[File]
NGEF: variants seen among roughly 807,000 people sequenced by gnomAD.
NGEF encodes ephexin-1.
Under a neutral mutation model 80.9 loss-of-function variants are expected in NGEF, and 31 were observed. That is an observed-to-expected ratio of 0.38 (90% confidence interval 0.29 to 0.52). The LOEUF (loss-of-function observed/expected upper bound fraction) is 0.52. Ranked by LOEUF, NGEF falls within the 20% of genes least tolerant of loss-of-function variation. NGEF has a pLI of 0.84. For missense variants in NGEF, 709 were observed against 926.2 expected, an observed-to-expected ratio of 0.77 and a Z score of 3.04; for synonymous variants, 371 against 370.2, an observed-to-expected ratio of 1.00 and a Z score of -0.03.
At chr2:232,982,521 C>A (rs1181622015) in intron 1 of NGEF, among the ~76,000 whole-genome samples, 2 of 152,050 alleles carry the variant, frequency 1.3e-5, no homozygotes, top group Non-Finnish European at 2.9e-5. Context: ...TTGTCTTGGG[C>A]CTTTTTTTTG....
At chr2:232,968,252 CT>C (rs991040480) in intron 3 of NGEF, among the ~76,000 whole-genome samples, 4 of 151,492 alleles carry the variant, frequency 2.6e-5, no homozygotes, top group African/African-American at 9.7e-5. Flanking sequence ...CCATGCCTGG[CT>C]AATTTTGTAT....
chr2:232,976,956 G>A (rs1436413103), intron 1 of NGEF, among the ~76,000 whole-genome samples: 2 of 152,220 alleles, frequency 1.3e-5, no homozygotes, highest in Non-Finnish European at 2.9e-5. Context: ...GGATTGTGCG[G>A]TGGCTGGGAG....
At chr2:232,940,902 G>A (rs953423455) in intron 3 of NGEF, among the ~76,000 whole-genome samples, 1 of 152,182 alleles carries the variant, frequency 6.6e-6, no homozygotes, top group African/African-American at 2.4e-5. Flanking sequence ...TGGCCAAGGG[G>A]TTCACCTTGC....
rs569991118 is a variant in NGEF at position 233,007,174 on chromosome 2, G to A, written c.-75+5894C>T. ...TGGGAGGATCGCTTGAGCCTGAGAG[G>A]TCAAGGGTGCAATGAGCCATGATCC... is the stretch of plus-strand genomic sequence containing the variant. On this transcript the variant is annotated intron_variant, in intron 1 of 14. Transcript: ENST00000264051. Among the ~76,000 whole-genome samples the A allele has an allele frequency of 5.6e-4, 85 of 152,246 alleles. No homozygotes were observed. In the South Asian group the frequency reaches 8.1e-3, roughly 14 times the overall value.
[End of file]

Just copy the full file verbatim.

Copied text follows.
NGEF: variants seen among roughly 807,000 people sequenced by gnomAD.
NGEF encodes ephexin-1.
Under a neutral mutation model 80.9 loss-of-function variants are expected in NGEF, and 31 were observed. That is an observed-to-expected ratio of 0.38 (90% confidence interval 0.29 to 0.52). The LOEUF (loss-of-function observed/expected upper bound fraction) is 0.52. Ranked by LOEUF, NGEF falls within the 20% of genes least tolerant of loss-of-function variation. NGEF has a pLI of 0.84. For missense variants in NGEF, 709 were observed against 926.2 expected, an observed-to-expected ratio of 0.77 and a Z score of 3.04; for synonymous variants, 371 against 370.2, an observed-to-expected ratio of 1.00 and a Z score of -0.03.
At chr2:232,982,521 C>A (rs1181622015) in intron 1 of NGEF, among the ~76,000 whole-genome samples, 2 of 152,050 alleles carry the variant, frequency 1.3e-5, no homozygotes, top group Non-Finnish European at 2.9e-5. Context: ...TTGTCTTGGG[C>A]CTTTTTTTTG....
At chr2:232,968,252 CT>C (rs991040480) in intron 3 of NGEF, among the ~76,000 whole-genome samples, 4 of 151,492 alleles carry the variant, frequency 2.6e-5, no homozygotes, top group African/African-American at 9.7e-5. Flanking sequence ...CCATGCCTGG[CT>C]AATTTTGTAT....
chr2:232,976,956 G>A (rs1436413103), intron 1 of NGEF, among the ~76,000 whole-genome samples: 2 of 152,220 alleles, frequency 1.3e-5, no homozygotes, highest in Non-Finnish European at 2.9e-5. Context: ...GGATTGTGCG[G>A]TGGCTGGGAG....
At chr2:232,940,902 G>A (rs953423455) in intron 3 of NGEF, among the ~76,000 whole-genome samples, 1 of 152,182 alleles carries the variant, frequency 6.6e-6, no homozygotes, top group African/African-American at 2.4e-5. Flanking sequence ...TGGCCAAGGG[G>A]TTCACCTTGC....
rs569991118 is a variant in NGEF at position 233,007,174 on chromosome 2, G to A, written c.-75+5894C>T. ...TGGGAGGATCGCTTGAGCCTGAGAG[G>A]TCAAGGGTGCAATGAGCCATGATCC... is the stretch of plus-strand genomic sequence containing the variant. On this transcript the variant is annotated intron_variant, in intron 1 of 14. Transcript: ENST00000264051. Among the ~76,000 whole-genome samples the A allele has an allele frequency of 5.6e-4, 85 of 152,246 alleles. No homozygotes were observed. In the South Asian group the frequency reaches 8.1e-3, roughly 14 times the overall value.